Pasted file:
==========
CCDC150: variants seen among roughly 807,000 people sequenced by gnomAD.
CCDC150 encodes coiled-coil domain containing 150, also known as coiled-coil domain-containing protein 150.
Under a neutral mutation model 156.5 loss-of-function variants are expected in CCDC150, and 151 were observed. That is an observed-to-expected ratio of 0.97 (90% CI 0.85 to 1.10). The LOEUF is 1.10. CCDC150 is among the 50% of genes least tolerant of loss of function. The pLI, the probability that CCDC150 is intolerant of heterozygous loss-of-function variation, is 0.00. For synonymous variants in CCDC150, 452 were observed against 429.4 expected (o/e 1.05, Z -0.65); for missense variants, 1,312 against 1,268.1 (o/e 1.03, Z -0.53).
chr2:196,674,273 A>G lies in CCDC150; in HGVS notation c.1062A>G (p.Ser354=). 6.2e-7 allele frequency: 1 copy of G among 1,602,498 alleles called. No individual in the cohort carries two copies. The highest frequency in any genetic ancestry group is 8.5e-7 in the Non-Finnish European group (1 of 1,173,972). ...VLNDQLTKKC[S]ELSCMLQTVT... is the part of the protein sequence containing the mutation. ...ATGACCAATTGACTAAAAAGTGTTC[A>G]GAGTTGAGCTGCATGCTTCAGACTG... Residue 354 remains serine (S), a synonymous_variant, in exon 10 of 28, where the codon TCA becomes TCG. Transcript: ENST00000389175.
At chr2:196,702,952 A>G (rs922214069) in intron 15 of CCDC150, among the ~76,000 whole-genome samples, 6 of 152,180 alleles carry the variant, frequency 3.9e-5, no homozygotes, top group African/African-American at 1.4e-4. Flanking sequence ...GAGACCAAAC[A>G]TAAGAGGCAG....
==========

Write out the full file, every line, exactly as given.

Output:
CCDC150: variants seen among roughly 807,000 people sequenced by gnomAD.
CCDC150 encodes coiled-coil domain containing 150, also known as coiled-coil domain-containing protein 150.
Under a neutral mutation model 156.5 loss-of-function variants are expected in CCDC150, and 151 were observed. That is an observed-to-expected ratio of 0.97 (90% CI 0.85 to 1.10). The LOEUF is 1.10. CCDC150 is among the 50% of genes least tolerant of loss of function. The pLI, the probability that CCDC150 is intolerant of heterozygous loss-of-function variation, is 0.00. For synonymous variants in CCDC150, 452 were observed against 429.4 expected (o/e 1.05, Z -0.65); for missense variants, 1,312 against 1,268.1 (o/e 1.03, Z -0.53).
chr2:196,674,273 A>G lies in CCDC150; in HGVS notation c.1062A>G (p.Ser354=). 6.2e-7 allele frequency: 1 copy of G among 1,602,498 alleles called. No individual in the cohort carries two copies. The highest frequency in any genetic ancestry group is 8.5e-7 in the Non-Finnish European group (1 of 1,173,972). ...VLNDQLTKKC[S]ELSCMLQTVT... is the part of the protein sequence containing the mutation. ...ATGACCAATTGACTAAAAAGTGTTC[A>G]GAGTTGAGCTGCATGCTTCAGACTG... Residue 354 remains serine (S), a synonymous_variant, in exon 10 of 28, where the codon TCA becomes TCG. Transcript: ENST00000389175.
At chr2:196,702,952 A>G (rs922214069) in intron 15 of CCDC150, among the ~76,000 whole-genome samples, 6 of 152,180 alleles carry the variant, frequency 3.9e-5, no homozygotes, top group African/African-American at 1.4e-4. Flanking sequence ...GAGACCAAAC[A>G]TAAGAGGCAG....